Places to Avoid
Many of the tailors you are likely to find strolling around the Orchard Road or City Hall areas are best avoided. These shops pay high rent at the front or ground level of shopping centres, and tend to employ one or more touts to man their doors soliciting for customers, offering gratuitous quotes, etc. Their shops will often have an attractive display of fabrics, and manikins with display pieces of clothing.
What you won't see is a pair of scissors, or any pieces of clothing in progress. These shops employ "tailors" who simply measure customers and record orders, to be made off-site (often in neighbouring Indonesia or Malaysia) by a cutter who has never met the customer. The tailor you meet in the shop is really just a salesperson who happens to be selling made-to-measure clothes, but has no experience designing custom patterns or cutting.
Since the clothes are made offsite at a cheaper location (and because these tailors target tourists on short visits) it is impractical to transport them back for a fitting on the customer before they are finished. As there is no opportunity to make size adjustments, the cut will err on the side of being too big, most noticeably at the waist of trousers, and armholes of suit coats.
The end result is clothes that often fit no better than a carefully chosen ready-made piece from a shop, but not as well constructed. There is simply no point in having clothes made this way, as it doesn't give the perfect fit that you expect from tailored clothing.
As a general rule, any shop that has a street fronting, is on the ground floor, or solicits business from passers-by can should be completely avoided.
Working With Your Tailor
Although a good tailor is a skilled craftsman who can produce amazing clothes, it doesn't always happen effortlessly. Your tailor will have made thousands of pieces for other people, but that experience doesn't mean they'll instantly know what you want.
Some tailors will ask for incredibly detailed instructions on the minutiae of your new garment (right down to the size of belt loops for trousers and whether pockets should be buttoned or flapped), taking nothing for granted. Others will tend to only ask about a few major style choices, sticking with convention for the rest unless you make a specific request.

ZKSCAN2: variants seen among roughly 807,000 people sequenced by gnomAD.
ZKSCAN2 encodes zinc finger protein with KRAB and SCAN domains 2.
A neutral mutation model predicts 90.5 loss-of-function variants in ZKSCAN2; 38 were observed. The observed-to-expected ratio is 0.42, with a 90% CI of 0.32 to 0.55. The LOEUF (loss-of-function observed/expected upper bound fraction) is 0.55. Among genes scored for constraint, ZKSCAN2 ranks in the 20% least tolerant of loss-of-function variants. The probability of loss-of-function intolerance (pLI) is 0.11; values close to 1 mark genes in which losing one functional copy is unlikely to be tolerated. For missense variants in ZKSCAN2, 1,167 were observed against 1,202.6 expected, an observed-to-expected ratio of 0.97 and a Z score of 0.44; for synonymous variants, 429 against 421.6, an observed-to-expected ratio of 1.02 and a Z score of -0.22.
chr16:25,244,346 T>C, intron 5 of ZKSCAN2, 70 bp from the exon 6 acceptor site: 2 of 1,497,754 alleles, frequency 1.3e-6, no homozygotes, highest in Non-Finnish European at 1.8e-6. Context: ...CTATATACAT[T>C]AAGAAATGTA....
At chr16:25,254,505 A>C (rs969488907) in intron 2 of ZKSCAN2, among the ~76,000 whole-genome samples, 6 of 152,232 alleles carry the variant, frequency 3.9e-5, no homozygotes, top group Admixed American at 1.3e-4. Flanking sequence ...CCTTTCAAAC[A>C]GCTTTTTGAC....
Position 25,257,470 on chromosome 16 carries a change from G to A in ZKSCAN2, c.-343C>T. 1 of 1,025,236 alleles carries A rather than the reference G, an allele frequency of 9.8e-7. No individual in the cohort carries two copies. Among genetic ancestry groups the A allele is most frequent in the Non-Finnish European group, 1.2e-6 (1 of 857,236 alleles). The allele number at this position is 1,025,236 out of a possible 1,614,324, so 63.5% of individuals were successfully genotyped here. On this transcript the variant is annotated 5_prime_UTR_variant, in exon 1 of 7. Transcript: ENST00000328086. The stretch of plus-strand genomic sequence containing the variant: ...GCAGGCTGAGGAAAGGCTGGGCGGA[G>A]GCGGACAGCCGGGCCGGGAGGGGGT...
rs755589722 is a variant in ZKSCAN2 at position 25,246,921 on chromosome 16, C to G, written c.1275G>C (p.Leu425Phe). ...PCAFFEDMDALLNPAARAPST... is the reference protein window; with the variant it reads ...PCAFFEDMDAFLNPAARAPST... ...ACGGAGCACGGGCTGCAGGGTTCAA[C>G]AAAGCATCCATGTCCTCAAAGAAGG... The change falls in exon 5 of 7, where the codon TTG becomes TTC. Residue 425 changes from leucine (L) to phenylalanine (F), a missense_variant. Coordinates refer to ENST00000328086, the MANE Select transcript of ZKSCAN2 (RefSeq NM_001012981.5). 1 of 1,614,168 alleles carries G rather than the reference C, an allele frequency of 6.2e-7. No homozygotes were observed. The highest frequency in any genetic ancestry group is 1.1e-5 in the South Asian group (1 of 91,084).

If there is a specific style you want, do make a point of mentioning it and making sure it is written down. Your tailor should be able to entertain the request, or possibly explain why it isn't a good idea for your particular cut, shape, fabric, etc.
Ideally, you can start of with perhaps one shirt or pair of trousers to start a relationship with your tailor, which you can then wear for at least a day to try the fit, before ordering more pieces. This way, you can try the tailor's work and style without a major outlay, and make any changes you'd like before getting more work done. A good tailor will understand and be happy to entertain your initial small order in the hope of building a longer partnership, and it's worth being wary of any pressure to place a larger order at this initial stage, as that would tend to suggest the tailor doesn't get a lot of repeat business!
Shirts are nearly always made and completed offsite, which will take around a week.
Trousers and Suits
Trousers and suits should be cut by the tailor himself, at or near his shop so that you can come back for a fitting. Although a good tailor will be understanding of a customer's tight schedule and urgent jobs, the more time you can allow the better. Ideally, you should allow a week for this work to give your tailor plenty or time, although they might be able to complete a piece of a few days if asked. If you need your work completed quickly, it pays to be flexible in your timing and offer to come back for your fitting late in the day if required.